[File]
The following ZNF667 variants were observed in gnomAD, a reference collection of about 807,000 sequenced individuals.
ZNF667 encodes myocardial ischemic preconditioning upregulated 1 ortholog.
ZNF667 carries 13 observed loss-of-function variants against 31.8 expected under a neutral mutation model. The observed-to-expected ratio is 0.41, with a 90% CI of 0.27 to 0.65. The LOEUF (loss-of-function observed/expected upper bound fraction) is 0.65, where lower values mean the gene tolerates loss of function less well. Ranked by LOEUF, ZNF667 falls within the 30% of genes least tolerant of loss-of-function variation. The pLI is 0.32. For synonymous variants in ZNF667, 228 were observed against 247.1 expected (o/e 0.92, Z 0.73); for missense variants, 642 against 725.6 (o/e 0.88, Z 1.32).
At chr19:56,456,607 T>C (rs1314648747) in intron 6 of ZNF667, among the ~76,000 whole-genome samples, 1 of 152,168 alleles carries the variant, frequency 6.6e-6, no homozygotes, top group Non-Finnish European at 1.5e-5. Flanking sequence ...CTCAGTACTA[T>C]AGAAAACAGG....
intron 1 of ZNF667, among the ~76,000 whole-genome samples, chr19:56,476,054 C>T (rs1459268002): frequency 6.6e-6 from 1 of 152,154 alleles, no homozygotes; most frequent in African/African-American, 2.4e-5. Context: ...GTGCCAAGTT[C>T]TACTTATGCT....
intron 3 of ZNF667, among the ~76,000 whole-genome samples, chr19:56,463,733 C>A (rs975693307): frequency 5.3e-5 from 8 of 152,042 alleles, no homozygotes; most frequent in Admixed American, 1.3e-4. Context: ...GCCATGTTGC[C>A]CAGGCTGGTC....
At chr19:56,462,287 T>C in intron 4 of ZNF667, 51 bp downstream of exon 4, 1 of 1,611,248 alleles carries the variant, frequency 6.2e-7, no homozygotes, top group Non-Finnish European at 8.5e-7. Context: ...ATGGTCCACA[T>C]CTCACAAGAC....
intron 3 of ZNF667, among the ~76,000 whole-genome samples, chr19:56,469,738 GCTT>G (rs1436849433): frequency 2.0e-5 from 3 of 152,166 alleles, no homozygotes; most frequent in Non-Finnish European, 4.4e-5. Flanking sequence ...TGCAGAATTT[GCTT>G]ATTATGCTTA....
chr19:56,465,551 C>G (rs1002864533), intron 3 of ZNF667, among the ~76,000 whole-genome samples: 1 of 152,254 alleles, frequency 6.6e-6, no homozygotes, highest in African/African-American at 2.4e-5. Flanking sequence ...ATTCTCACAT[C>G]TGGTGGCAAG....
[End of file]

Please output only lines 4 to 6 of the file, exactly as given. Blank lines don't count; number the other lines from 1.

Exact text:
At chr19:56,456,607 T>C (rs1314648747) in intron 6 of ZNF667, among the ~76,000 whole-genome samples, 1 of 152,168 alleles carries the variant, frequency 6.6e-6, no homozygotes, top group Non-Finnish European at 1.5e-5. Flanking sequence ...CTCAGTACTA[T>C]AGAAAACAGG....
intron 1 of ZNF667, among the ~76,000 whole-genome samples, chr19:56,476,054 C>T (rs1459268002): frequency 6.6e-6 from 1 of 152,154 alleles, no homozygotes; most frequent in African/African-American, 2.4e-5. Context: ...GTGCCAAGTT[C>T]TACTTATGCT....
intron 3 of ZNF667, among the ~76,000 whole-genome samples, chr19:56,463,733 C>A (rs975693307): frequency 5.3e-5 from 8 of 152,042 alleles, no homozygotes; most frequent in Admixed American, 1.3e-4. Context: ...GCCATGTTGC[C>A]CAGGCTGGTC....